Here we were, thinking we knew the real Sufjan Stevens—the banjo-slinging, indie-folk singer-songwriter with a penchant for spiritual themes, an obsession with history and geography, and an overall demeanor that earned him the distinction of being (as Pitchfork put it) the “poster boy for mannered indie-dude sensitivity.” Turns out, the Detroit-born critics’ darling is just a regular pissed-off guy, every bit as confused and melodramatic as the rest of us (albeit, much better of putting said anger and confusion to music). The recently-released The Age Of Adz is arguably Stevens’ most personal album to date, with Stevens’ frustration and bitterness laid out for everyone to see—both in the lyrics and in the artwork (which comes courtesy of paranoid schizophrenic and misogynist artist Royal Robertson). Then again, it sounds like there’s also some outside influences at work. In a recent interview with Exclaim, Stevens stated, “I did get very sick last year and had some serious health issues…it was really confusing and catastrophic in a lot of ways because it was a virus I had that affected my nervous system and I no longer had control of my responses to circumstances and events,” before adding, “So, this record, The Age of Adz, is, in some ways, a result of that process of working through health issues and getting much more in touch with my physical self.” Yikes. We’re glad to hear he’s feeling better these days. And we hope that selling 36,000 copies of The Age Of Adz in its first week helps ease any lingering pain of what sounds like an incredibly difficult songwriting process. Sufjan Stevens performs at 8 p.m. at The Academy Of Music; tickets are SOLD OUT.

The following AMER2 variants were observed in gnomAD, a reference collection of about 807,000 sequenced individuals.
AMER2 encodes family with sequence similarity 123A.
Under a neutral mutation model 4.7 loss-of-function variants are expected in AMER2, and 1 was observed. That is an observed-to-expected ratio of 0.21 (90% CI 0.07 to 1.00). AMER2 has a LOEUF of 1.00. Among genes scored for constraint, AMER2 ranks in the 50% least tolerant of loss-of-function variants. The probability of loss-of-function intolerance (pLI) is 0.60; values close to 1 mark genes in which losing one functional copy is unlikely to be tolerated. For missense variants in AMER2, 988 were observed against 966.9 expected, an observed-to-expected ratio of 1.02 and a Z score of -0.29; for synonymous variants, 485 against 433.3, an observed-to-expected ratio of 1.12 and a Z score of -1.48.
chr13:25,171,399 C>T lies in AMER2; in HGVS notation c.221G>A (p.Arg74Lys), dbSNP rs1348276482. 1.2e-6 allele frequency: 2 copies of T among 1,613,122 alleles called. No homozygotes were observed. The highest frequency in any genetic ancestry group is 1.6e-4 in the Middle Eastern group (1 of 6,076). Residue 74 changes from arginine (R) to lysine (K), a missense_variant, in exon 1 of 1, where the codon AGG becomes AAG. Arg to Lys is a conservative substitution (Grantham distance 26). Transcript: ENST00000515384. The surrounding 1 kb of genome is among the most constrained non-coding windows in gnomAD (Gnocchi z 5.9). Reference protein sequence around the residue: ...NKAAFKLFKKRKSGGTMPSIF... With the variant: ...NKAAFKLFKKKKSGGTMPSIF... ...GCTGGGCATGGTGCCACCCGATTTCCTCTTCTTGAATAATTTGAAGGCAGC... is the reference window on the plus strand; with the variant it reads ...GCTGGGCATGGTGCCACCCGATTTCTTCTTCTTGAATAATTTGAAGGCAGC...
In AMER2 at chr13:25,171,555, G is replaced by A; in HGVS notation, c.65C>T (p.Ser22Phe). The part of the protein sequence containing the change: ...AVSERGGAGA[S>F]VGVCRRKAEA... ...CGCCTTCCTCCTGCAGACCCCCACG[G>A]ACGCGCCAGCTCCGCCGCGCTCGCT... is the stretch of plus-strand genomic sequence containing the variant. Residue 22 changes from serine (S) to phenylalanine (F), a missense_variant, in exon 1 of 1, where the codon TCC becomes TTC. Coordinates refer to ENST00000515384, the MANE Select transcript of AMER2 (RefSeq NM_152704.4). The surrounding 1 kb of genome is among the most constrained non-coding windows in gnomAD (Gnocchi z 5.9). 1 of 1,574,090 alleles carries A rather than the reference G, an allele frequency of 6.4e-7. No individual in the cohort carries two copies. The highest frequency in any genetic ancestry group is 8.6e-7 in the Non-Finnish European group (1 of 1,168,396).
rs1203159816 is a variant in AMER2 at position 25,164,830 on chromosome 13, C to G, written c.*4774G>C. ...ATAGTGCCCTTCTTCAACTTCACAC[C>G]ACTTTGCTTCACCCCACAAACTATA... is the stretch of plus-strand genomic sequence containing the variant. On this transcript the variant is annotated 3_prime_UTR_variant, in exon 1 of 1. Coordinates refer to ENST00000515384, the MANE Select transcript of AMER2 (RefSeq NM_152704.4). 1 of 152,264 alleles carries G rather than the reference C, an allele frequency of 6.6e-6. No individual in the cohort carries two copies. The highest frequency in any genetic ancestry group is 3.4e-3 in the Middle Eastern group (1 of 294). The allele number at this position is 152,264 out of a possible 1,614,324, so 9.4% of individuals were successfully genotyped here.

Also playing: Shearwater + Damien Jurado at Johnny Brenda’s (8:30 p.m., 21+, $10); Bob Mould at Sellersville Theater (8 p.m., $25)
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